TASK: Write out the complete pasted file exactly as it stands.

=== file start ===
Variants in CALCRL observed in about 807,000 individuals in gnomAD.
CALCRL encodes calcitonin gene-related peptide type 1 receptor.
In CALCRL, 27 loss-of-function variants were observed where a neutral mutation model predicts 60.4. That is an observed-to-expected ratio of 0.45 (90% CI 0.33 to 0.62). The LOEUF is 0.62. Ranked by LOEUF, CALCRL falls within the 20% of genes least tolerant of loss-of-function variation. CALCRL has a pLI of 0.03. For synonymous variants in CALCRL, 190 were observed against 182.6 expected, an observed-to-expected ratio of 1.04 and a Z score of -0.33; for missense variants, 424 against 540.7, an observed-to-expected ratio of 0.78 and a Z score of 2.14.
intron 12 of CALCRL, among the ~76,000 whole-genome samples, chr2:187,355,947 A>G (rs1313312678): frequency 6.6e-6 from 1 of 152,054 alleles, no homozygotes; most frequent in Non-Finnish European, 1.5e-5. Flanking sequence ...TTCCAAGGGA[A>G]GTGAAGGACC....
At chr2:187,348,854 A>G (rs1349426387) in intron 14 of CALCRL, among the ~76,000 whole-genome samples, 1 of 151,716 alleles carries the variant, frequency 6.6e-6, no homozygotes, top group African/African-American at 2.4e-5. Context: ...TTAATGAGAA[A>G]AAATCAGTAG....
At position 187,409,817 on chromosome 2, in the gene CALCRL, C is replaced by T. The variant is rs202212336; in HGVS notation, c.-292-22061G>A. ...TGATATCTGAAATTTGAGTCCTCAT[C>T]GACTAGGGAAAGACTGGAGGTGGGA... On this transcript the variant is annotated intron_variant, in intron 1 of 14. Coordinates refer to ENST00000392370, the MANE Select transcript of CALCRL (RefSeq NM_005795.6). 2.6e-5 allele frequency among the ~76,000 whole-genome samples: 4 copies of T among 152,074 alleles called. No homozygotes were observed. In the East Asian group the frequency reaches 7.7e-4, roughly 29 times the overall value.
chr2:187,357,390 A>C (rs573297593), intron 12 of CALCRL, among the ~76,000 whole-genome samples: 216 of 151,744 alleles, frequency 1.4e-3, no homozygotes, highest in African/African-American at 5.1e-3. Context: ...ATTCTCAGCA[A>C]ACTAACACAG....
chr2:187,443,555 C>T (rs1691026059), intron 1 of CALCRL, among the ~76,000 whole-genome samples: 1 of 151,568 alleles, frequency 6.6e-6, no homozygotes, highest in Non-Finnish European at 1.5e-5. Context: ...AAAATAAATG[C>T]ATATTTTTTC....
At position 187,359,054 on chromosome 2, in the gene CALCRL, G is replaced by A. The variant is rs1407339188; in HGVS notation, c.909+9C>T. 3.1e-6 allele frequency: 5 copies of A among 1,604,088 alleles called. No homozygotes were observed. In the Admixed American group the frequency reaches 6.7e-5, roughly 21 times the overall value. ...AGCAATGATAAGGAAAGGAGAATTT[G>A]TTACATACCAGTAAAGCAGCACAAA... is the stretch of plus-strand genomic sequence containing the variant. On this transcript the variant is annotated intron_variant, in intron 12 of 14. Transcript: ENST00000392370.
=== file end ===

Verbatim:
Variants in CALCRL observed in about 807,000 individuals in gnomAD.
CALCRL encodes calcitonin gene-related peptide type 1 receptor.
In CALCRL, 27 loss-of-function variants were observed where a neutral mutation model predicts 60.4. That is an observed-to-expected ratio of 0.45 (90% CI 0.33 to 0.62). The LOEUF is 0.62. Ranked by LOEUF, CALCRL falls within the 20% of genes least tolerant of loss-of-function variation. CALCRL has a pLI of 0.03. For synonymous variants in CALCRL, 190 were observed against 182.6 expected, an observed-to-expected ratio of 1.04 and a Z score of -0.33; for missense variants, 424 against 540.7, an observed-to-expected ratio of 0.78 and a Z score of 2.14.
intron 12 of CALCRL, among the ~76,000 whole-genome samples, chr2:187,355,947 A>G (rs1313312678): frequency 6.6e-6 from 1 of 152,054 alleles, no homozygotes; most frequent in Non-Finnish European, 1.5e-5. Flanking sequence ...TTCCAAGGGA[A>G]GTGAAGGACC....
At chr2:187,348,854 A>G (rs1349426387) in intron 14 of CALCRL, among the ~76,000 whole-genome samples, 1 of 151,716 alleles carries the variant, frequency 6.6e-6, no homozygotes, top group African/African-American at 2.4e-5. Context: ...TTAATGAGAA[A>G]AAATCAGTAG....
At position 187,409,817 on chromosome 2, in the gene CALCRL, C is replaced by T. The variant is rs202212336; in HGVS notation, c.-292-22061G>A. ...TGATATCTGAAATTTGAGTCCTCAT[C>T]GACTAGGGAAAGACTGGAGGTGGGA... On this transcript the variant is annotated intron_variant, in intron 1 of 14. Coordinates refer to ENST00000392370, the MANE Select transcript of CALCRL (RefSeq NM_005795.6). 2.6e-5 allele frequency among the ~76,000 whole-genome samples: 4 copies of T among 152,074 alleles called. No homozygotes were observed. In the East Asian group the frequency reaches 7.7e-4, roughly 29 times the overall value.
chr2:187,357,390 A>C (rs573297593), intron 12 of CALCRL, among the ~76,000 whole-genome samples: 216 of 151,744 alleles, frequency 1.4e-3, no homozygotes, highest in African/African-American at 5.1e-3. Context: ...ATTCTCAGCA[A>C]ACTAACACAG....
chr2:187,443,555 C>T (rs1691026059), intron 1 of CALCRL, among the ~76,000 whole-genome samples: 1 of 151,568 alleles, frequency 6.6e-6, no homozygotes, highest in Non-Finnish European at 1.5e-5. Context: ...AAAATAAATG[C>T]ATATTTTTTC....
At position 187,359,054 on chromosome 2, in the gene CALCRL, G is replaced by A. The variant is rs1407339188; in HGVS notation, c.909+9C>T. 3.1e-6 allele frequency: 5 copies of A among 1,604,088 alleles called. No homozygotes were observed. In the Admixed American group the frequency reaches 6.7e-5, roughly 21 times the overall value. ...AGCAATGATAAGGAAAGGAGAATTT[G>A]TTACATACCAGTAAAGCAGCACAAA... is the stretch of plus-strand genomic sequence containing the variant. On this transcript the variant is annotated intron_variant, in intron 12 of 14. Transcript: ENST00000392370.